• A yeast gene homologous to bacterial RNase III (RNT1) encodes a double-strand-specific endoribonuclease essential for ribosome synthesis [33].
  • We show that the polysomal, cytoplasmic pool of HAC1 mRNA is a substrate for splicing, suggesting that the stalled ribosomes may resume translation after the intron is removed [22].
  • Our interpretation is that this short sequence represents a common signal that must be recognized by the box7-encoded mRNA maturase, in conjunction with the mitochondrial ribosome, to splice out the introns in the two nonhomologous genes, cob-box and oxi3 [34].
  • The FMR1 gene encodes an RNA-binding protein that associates with translating ribosomes and acts as a negative translational regulator [35].

Analytical, diagnostic and therapeutic context of Ribosomes


  1. Structures of MLSBK antibiotics bound to mutated large ribosomal subunits provide a structural explanation for resistance. Tu, D., Blaha, G., Moore, P.B., Steitz, T.A. Cell (2005) [Pubmed]
  2. Mechanism of ribosome frameshifting during translation of the genetic code. Weiss, R., Gallant, J. Nature (1983) [Pubmed]
  3. Radioimmunoassay for antibodies to cytoplasmic ribosomes in human serum. Koffler, D., Faiferman, I., Gerber, M.A. Science (1977) [Pubmed]
  4. Translation by ribosome shunting on adenovirus and hsp70 mRNAs facilitated by complementarity to 18S rRNA. Yueh, A., Schneider, R.J. Genes Dev. (2000) [Pubmed]
  5. Evidence that an IRES within the Notch2 coding region can direct expression of a nuclear form of the protein. Lauring, A.S., Overbaugh, J. Mol. Cell (2000) [Pubmed]
  6. Fragile X mental retardation protein: nucleocytoplasmic shuttling and association with somatodendritic ribosomes. Feng, Y., Gutekunst, C.A., Eberhart, D.E., Yi, H., Warren, S.T., Hersch, S.M. J. Neurosci. (1997) [Pubmed]
  7. The induction of ribosome biosynthesis in a nonmitotic secretory tissue. Schmidt, T., Chen, P.S., Pellegrini, M. J. Biol. Chem. (1985) [Pubmed]
  8. Structural insights into translational fidelity. Ogle, J.M., Ramakrishnan, V. Annu. Rev. Biochem. (2005) [Pubmed]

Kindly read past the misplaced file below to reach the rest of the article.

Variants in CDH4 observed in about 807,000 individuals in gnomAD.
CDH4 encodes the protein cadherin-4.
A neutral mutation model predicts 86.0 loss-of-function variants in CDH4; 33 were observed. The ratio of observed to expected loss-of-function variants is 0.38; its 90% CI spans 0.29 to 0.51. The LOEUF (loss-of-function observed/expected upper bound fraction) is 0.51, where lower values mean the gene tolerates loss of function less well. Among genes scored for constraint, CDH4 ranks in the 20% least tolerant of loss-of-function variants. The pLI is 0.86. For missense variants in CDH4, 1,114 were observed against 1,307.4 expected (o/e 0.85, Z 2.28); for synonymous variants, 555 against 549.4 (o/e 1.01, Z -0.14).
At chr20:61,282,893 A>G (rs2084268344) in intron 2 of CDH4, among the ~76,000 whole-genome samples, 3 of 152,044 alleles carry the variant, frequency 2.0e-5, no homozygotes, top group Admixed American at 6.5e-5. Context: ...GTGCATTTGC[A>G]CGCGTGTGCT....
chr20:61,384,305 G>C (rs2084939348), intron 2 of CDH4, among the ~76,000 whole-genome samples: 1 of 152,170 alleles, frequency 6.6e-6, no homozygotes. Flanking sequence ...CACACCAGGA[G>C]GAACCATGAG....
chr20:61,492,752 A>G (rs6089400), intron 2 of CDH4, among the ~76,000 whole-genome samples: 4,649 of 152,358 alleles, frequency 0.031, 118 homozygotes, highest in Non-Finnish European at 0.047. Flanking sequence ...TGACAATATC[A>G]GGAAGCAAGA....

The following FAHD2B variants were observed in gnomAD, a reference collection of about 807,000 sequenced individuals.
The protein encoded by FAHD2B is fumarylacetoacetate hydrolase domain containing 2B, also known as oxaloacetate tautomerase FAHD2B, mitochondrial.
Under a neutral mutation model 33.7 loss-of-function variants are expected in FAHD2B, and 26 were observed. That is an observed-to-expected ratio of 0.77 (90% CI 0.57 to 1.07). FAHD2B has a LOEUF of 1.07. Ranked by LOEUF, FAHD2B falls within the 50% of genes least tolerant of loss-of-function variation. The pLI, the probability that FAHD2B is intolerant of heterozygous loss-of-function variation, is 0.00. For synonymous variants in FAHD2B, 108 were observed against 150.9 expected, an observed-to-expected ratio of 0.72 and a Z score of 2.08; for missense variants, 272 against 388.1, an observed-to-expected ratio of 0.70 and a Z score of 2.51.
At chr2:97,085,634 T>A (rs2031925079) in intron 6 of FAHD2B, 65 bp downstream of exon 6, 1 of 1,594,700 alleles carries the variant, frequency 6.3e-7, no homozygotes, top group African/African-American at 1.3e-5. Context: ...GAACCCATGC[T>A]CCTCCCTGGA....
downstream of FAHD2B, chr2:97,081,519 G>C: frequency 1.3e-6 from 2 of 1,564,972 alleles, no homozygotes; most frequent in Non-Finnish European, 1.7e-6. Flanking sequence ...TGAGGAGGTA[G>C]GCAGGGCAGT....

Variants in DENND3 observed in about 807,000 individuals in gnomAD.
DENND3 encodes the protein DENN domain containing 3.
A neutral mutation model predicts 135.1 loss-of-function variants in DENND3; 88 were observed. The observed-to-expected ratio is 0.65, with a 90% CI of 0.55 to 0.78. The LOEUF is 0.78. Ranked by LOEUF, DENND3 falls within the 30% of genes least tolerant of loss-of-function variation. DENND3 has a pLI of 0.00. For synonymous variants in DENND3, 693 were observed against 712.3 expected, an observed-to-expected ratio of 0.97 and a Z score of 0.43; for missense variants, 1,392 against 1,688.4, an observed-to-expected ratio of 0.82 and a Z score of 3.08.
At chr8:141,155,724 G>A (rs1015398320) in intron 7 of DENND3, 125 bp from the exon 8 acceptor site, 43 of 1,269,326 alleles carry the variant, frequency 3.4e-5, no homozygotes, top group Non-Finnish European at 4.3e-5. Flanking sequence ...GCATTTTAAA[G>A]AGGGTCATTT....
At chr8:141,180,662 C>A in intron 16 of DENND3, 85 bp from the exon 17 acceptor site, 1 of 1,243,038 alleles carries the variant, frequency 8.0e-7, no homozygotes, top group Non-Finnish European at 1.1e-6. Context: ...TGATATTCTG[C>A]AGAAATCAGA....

9. Fidelity of aminoacyl-tRNA selection on the ribosome: kinetic and structural mechanisms. Rodnina, M.V., Wintermeyer, W. Annu. Rev. Biochem. (2001) [Pubmed]
  10. eIF4 initiation factors: effectors of mRNA recruitment to ribosomes and regulators of translation. Gingras, A.C., Raught, B., Sonenberg, N. Annu. Rev. Biochem. (1999) [Pubmed]
  11. Selenocysteine. Stadtman, T.C. Annu. Rev. Biochem. (1996) [Pubmed]
  12. Unusual resistance of peptidyl transferase to protein extraction procedures. Noller, H.F., Hoffarth, V., Zimniak, L. Science (1992) [Pubmed]
  13. E. coli ribosomes with a C912 to U base change in the 16S rRNA are streptomycin resistant. Montandon, P.E., Wagner, R., Stutz, E. EMBO J. (1986) [Pubmed]
  14. Basis for prokaryotic specificity of action of aminoglycoside antibiotics. Recht, M.I., Douthwaite, S., Puglisi, J.D. EMBO J. (1999) [Pubmed]
  15. Arginines 29 and 59 of elongation factor G are important for GTP hydrolysis or translocation on the ribosome. Mohr, D., Wintermeyer, W., Rodnina, M.V. EMBO J. (2000) [Pubmed]
  16. Nascent peptide as sole attachment of polysomes to membranes in bacteria. Smith, W.P., Tai, P.C., Davis, B.D. Proc. Natl. Acad. Sci. U.S.A. (1978) [Pubmed]
  17. Binding of mammalian ribosomes to MS2 phage RNA reveals an overlapping gene encoding a lysis function. Atkins, J.F., Steitz, J.A., Anderson, C.W., Model, P. Cell (1979) [Pubmed]
  18. Exploration of essential gene functions via titratable promoter alleles. Mnaimneh, S., Davierwala, A.P., Haynes, J., Moffat, J., Peng, W.T., Zhang, W., Yang, X., Pootoolal, J., Chua, G., Lopez, A., Trochesset, M., Morse, D., Krogan, N.J., Hiley, S.L., Li, Z., Morris, Q., Grigull, J., Mitsakakis, N., Roberts, C.J., Greenblatt, J.F., Boone, C., Kaiser, C.A., Andrews, B.J., Hughes, T.R. Cell (2004) [Pubmed]
  19. Regulation of ribosome phosphorylation and antibiotic sensitivity in Tetrahymena thermophila: A correlation. Hallberg, R.L., Wilson, P.G., Sutton, C. Cell (1981) [Pubmed]
  20. Coupling of GCN4 mRNA translational activation with decreased rates of polypeptide chain initiation. Tzamarias, D., Roussou, I., Thireos, G. Cell (1989) [Pubmed]